Prouty, a former plant manager for a Big Three supplier, says he's seen a lot of collaborative industry initiatives "degenerate into the World Wrestling Federation," and he's not optimistic that this latest, greatest joint venture will fare much better. One tussle concerns the enabling technology of the exchange. GM's technology partner in TradeXchange is Commerce One Inc., of Pleasanton, California. Ford, on the other hand, has partnered with Redwood Shores, California- based Oracle Corp. Both vendors are minority investors in the new exchange, which has to decide which pieces of whose technology to use (see "The Competition," page 86).
Meanwhile, DaimlerChrysler brings SAP, its enterprise resource planning provider, to the venture. "SAP may not get an equity share, but it will get big input," says Prouty.
While the OEMs wrangle over new-technology issues, many suppliers aren't ready to give up their existing technology. Large, tier-one suppliers have a lot of money invested in electronic data interchange (EDI), which continues to serve their most critical needs. "They don't want to have to come up with multiple standards" to participate in exchanges, says Prouty, "and they think they can manage their supply chains better [themselves]."
About 500 suppliers account for the majority of the automakers' procurement volume, adds Ken Vollmer, senior industry analyst at Giga Information Group, in Cambridge, Massachusetts, and some of them have said publicly that they will build their own exchanges. It's "too soon to say" how many of these suppliers will use the Big Three exchange, says Vollmer.
In the past, smaller suppliers haven't been able to afford EDI, so an auto Web exchange would seem to be an ideal solution for them. But EDI has been adapted to the Internet, too. Vollmer points out that the Advanced Network eXchange, a virtual private network for the industry sponsored by the Automotive Industry Action Group, a technology consortium, now provides a "much more cost-effective" form of EDI for small trading partners. They can dial into the system via an Internet link and see a Web-based HTML or XML form, which the system translates into EDI formats, says Vollmer.
One of the biggest suppliers to the auto industry, Toledo-based Dana Corp. (1999 sales: $13.2 billion), is taking a wait-and-see attitude toward the Big Three exchange. "They're still working through their business model," says Jim Woodward, vice president and director of E-business. "We have to understand what the real benefit will be to our shareholders."
Dana, which will continue to use its long-established EDI links to the Big Three, intends to receive shipping information through the exchange. Woodward says one of the exchange's biggest benefits will be to "force the issue of a standard communication protocol for the auto industry, something suppliers have wanted for years."
But Dana doesn't see any need to connect its own internal E- procurement system, which is being rolled out worldwide to more than 300 purchasing sites, to the auto exchange. The company already buys nonproduction supplies online from vendors such as Boise Cascade Corp. and W.W. Grainger Inc.; it won't buy them through the exchange. "We'd have to understand what the services would be for the transaction fee," says Woodward.
Nor will the kind of highly engineered, high-value-added products that Dana makes, such as axles, be sold at auction on an exchange. "There are only three independent axle producers in the world," notes Woodward.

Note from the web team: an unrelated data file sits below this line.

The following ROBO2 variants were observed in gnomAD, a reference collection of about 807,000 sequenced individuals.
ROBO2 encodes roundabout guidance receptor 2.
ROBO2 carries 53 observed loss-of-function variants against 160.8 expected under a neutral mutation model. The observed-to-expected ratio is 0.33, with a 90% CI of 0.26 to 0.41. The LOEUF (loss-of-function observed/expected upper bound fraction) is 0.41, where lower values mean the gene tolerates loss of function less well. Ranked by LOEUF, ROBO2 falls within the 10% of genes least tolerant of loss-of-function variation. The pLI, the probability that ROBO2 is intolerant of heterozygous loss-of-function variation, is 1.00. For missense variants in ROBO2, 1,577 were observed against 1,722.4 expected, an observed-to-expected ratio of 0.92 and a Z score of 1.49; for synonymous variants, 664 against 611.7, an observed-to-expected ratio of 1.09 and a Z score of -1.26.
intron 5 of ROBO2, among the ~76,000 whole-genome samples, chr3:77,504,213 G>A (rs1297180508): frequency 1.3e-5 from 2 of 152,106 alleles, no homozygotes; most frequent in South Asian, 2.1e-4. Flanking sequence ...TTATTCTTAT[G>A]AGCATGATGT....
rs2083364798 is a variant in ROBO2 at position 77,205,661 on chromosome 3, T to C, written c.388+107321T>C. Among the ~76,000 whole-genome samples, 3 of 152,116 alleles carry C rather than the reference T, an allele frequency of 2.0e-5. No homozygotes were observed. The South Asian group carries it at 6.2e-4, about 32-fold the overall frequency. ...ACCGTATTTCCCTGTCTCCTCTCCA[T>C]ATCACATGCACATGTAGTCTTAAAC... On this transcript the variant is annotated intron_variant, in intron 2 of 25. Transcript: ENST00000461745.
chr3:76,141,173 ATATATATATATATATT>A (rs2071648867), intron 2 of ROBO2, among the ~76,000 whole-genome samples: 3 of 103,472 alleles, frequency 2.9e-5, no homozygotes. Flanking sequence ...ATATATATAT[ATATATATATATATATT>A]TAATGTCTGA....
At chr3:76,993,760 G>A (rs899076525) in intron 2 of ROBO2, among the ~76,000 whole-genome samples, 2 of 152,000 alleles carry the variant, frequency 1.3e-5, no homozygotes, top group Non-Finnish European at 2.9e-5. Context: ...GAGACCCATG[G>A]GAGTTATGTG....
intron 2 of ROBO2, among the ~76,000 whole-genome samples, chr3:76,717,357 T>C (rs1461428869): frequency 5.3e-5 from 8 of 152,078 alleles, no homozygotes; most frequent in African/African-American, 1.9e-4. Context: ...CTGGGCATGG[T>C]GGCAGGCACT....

"We'll participate in the Big Three exchange," he says. "But other [Dana] customers won't. Volkswagen won't. Mack [Trucks] won't. The key is, there's not going to be one huge exchange."
Optimizing, Not Squeezing
It will be hard to convince smaller suppliers, particularly commodity suppliers, that the auto exchange is not simply a means of squeezing their margins, but rather a vehicle for optimizing the supply chain. As for tier-one suppliers, "If a Johnson Controls or a Lear saves $10 from a supplier [on the exchange], will the OEM expect part of that savings to be passed along?" asks Prouty. "It's the 'looking-over-the- shoulder' syndrome. It's the biggest political issue. It's like paying someone to hit you over the head."
The corporate sponsors of Web exchanges squelch any hint of bullying or, for that matter, collaboration. They compare the exchanges to shared utilities, such as a telecom network. "We don't see exchanges as [opportunities for] gain," says Clive C. Mather, CEO of Shell Services International, the IT arm of Royal Dutch/Shell. "We see them as giving industries like ours a lower overall cost base, for all participants to improve their business processes considerably."
Royal Dutch/Shell, which spends more than $40 billion a year in support of operations in more than 120 countries, hopes its exchange will help it reach its year 2000 target of $4 billion in cost improvements. The exchange won't be Shell's private reserve, says Mather; "we're trying to create an industry exchange, with many other partners." Shell is succeeding; in April, it was joined by 13 other energy and petrochemical companies, including BP Amoco and Dow Chemical. Collective annual procurement spending: $125 billion.
Still, the bugaboos of data transparency and price fixing concern regulators. In March, the Federal Trade Commission revealed that it had started an informal antitrust review of the Big Three exchange. The FTC declines to comment on the inquiry. "We fully intend to abide by all legal requirements, and we don't expect any negative repercussions from any investigation," says a GM spokesperson.
The Big Three have already stated that they won't aggregate their production purchases, says Woodward. But antitrust experts point out that companies could use exchanges to signal prices. "The government needs to set guidelines where the channel masters have a vested interest," says Prouty, "and quickly."